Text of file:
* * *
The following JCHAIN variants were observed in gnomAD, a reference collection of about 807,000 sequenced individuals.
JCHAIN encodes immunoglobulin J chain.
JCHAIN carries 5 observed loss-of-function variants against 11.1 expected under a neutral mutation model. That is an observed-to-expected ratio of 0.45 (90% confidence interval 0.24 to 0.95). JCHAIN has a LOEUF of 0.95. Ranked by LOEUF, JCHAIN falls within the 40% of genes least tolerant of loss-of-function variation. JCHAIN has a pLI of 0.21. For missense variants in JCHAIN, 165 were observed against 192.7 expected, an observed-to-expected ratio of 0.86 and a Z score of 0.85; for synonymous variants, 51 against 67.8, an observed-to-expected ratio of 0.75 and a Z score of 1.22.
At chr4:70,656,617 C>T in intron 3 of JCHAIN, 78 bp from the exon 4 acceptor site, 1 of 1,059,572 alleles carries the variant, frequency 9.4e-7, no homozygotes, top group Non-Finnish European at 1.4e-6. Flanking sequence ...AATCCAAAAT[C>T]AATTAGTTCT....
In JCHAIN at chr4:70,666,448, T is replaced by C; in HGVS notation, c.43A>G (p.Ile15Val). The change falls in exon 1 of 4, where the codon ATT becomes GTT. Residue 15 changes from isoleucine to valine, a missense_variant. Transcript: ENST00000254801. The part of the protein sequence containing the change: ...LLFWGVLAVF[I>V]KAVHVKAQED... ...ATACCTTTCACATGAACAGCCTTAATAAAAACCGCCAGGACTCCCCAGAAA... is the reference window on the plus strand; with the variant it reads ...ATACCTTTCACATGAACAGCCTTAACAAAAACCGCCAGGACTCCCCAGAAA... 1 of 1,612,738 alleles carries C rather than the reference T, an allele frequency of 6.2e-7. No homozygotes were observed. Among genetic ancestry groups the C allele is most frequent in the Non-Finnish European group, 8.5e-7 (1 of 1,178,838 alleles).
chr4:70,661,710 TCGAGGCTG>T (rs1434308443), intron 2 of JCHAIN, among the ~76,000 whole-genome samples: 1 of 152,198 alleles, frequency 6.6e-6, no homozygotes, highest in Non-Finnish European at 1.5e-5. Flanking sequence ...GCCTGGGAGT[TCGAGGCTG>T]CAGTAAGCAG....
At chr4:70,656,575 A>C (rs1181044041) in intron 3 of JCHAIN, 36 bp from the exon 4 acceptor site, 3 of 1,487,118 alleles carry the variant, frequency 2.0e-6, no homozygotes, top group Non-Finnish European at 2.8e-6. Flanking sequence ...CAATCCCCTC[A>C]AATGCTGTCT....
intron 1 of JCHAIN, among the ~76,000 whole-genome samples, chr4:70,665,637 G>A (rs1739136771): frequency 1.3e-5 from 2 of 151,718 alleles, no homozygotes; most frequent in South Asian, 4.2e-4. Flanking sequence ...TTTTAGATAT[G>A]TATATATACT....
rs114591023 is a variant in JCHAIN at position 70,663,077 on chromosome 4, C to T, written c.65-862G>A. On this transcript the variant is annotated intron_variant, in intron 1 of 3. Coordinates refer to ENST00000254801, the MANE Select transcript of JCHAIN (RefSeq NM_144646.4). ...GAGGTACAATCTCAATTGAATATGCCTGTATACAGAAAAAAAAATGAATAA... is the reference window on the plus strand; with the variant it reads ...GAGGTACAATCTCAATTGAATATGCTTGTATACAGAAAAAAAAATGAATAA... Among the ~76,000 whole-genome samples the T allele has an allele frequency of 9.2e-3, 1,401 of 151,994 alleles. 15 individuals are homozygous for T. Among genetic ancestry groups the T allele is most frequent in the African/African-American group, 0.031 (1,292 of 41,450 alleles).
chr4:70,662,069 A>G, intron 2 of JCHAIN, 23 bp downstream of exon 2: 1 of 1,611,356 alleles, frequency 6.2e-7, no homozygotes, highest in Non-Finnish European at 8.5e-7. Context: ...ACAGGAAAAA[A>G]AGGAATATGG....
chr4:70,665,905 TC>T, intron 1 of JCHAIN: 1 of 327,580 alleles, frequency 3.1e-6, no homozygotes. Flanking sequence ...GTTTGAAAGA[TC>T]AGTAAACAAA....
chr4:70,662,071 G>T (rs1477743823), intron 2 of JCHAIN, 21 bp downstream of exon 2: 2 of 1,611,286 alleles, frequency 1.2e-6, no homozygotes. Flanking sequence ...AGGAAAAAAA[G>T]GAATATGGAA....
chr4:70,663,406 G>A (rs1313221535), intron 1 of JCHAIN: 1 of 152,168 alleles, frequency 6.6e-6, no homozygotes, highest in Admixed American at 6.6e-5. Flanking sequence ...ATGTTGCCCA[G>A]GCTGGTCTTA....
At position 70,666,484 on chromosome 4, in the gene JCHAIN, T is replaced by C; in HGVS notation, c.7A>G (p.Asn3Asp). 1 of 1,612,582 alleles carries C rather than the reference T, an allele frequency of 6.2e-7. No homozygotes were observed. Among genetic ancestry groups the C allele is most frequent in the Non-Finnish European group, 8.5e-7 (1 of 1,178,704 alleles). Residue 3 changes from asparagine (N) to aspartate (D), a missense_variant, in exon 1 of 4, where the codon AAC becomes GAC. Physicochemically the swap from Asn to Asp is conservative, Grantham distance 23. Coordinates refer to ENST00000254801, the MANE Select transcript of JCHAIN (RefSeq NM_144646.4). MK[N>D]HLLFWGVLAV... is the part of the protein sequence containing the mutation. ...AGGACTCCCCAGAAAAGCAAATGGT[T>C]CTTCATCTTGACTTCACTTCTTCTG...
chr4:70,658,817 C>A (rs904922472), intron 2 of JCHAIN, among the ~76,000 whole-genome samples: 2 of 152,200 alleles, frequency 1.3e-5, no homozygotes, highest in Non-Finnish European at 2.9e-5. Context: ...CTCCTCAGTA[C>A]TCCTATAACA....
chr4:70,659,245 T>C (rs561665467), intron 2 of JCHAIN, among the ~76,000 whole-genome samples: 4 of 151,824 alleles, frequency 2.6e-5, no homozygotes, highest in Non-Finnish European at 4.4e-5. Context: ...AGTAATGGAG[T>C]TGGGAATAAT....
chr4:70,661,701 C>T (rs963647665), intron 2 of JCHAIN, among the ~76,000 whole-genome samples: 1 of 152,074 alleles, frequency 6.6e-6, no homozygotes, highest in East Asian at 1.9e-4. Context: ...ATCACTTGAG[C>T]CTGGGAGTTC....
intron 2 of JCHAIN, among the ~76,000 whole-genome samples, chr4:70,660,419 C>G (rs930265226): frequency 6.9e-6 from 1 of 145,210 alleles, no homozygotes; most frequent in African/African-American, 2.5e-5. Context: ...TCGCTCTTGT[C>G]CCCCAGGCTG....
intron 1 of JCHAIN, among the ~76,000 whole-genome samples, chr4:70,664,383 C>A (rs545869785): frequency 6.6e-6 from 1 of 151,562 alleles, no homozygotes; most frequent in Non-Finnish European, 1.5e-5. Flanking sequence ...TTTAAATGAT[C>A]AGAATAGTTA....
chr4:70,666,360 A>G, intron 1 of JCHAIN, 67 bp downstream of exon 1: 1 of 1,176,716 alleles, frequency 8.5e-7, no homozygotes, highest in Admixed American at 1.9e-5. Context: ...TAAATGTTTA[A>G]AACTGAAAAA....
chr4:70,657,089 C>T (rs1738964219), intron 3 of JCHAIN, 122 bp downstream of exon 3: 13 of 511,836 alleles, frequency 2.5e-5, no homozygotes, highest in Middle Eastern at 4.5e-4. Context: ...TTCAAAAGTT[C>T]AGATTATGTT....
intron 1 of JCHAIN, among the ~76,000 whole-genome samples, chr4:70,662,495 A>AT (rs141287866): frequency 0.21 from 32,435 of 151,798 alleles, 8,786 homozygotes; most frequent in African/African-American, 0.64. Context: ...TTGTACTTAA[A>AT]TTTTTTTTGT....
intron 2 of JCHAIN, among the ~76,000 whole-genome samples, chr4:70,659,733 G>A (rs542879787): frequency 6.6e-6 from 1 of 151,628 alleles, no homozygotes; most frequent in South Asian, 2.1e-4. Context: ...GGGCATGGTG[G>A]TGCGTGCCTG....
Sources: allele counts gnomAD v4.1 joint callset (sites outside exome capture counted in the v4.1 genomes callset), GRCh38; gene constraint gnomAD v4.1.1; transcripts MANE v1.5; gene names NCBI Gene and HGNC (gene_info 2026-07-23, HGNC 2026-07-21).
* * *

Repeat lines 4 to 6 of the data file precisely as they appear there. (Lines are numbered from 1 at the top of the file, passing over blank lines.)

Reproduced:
At chr4:70,656,617 C>T in intron 3 of JCHAIN, 78 bp from the exon 4 acceptor site, 1 of 1,059,572 alleles carries the variant, frequency 9.4e-7, no homozygotes, top group Non-Finnish European at 1.4e-6. Flanking sequence ...AATCCAAAAT[C>T]AATTAGTTCT....
In JCHAIN at chr4:70,666,448, T is replaced by C; in HGVS notation, c.43A>G (p.Ile15Val). The change falls in exon 1 of 4, where the codon ATT becomes GTT. Residue 15 changes from isoleucine to valine, a missense_variant. Transcript: ENST00000254801. The part of the protein sequence containing the change: ...LLFWGVLAVF[I>V]KAVHVKAQED... ...ATACCTTTCACATGAACAGCCTTAATAAAAACCGCCAGGACTCCCCAGAAA... is the reference window on the plus strand; with the variant it reads ...ATACCTTTCACATGAACAGCCTTAACAAAAACCGCCAGGACTCCCCAGAAA... 1 of 1,612,738 alleles carries C rather than the reference T, an allele frequency of 6.2e-7. No homozygotes were observed. Among genetic ancestry groups the C allele is most frequent in the Non-Finnish European group, 8.5e-7 (1 of 1,178,838 alleles).
chr4:70,661,710 TCGAGGCTG>T (rs1434308443), intron 2 of JCHAIN, among the ~76,000 whole-genome samples: 1 of 152,198 alleles, frequency 6.6e-6, no homozygotes, highest in Non-Finnish European at 1.5e-5. Flanking sequence ...GCCTGGGAGT[TCGAGGCTG>T]CAGTAAGCAG....